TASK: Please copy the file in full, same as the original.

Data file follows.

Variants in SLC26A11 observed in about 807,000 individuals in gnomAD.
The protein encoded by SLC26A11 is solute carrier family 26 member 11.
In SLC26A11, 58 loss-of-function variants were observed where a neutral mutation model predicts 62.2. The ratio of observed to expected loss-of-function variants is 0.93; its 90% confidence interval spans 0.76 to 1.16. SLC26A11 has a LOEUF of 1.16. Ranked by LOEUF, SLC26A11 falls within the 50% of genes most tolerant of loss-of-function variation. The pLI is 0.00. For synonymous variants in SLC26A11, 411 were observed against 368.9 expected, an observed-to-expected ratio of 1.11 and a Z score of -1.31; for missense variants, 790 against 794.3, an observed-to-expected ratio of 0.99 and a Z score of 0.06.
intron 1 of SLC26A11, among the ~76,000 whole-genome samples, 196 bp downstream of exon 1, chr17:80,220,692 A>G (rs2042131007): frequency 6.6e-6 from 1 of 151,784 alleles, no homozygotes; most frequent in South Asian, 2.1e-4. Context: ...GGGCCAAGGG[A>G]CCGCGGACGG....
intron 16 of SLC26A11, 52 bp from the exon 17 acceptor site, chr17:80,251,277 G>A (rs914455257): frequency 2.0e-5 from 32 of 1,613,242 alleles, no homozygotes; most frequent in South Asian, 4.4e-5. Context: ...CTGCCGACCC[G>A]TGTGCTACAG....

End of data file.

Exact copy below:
Variants in SLC26A11 observed in about 807,000 individuals in gnomAD.
The protein encoded by SLC26A11 is solute carrier family 26 member 11.
In SLC26A11, 58 loss-of-function variants were observed where a neutral mutation model predicts 62.2. The ratio of observed to expected loss-of-function variants is 0.93; its 90% confidence interval spans 0.76 to 1.16. SLC26A11 has a LOEUF of 1.16. Ranked by LOEUF, SLC26A11 falls within the 50% of genes most tolerant of loss-of-function variation. The pLI is 0.00. For synonymous variants in SLC26A11, 411 were observed against 368.9 expected, an observed-to-expected ratio of 1.11 and a Z score of -1.31; for missense variants, 790 against 794.3, an observed-to-expected ratio of 0.99 and a Z score of 0.06.
intron 1 of SLC26A11, among the ~76,000 whole-genome samples, 196 bp downstream of exon 1, chr17:80,220,692 A>G (rs2042131007): frequency 6.6e-6 from 1 of 151,784 alleles, no homozygotes; most frequent in South Asian, 2.1e-4. Context: ...GGGCCAAGGG[A>G]CCGCGGACGG....
intron 16 of SLC26A11, 52 bp from the exon 17 acceptor site, chr17:80,251,277 G>A (rs914455257): frequency 2.0e-5 from 32 of 1,613,242 alleles, no homozygotes; most frequent in South Asian, 4.4e-5. Context: ...CTGCCGACCC[G>A]TGTGCTACAG....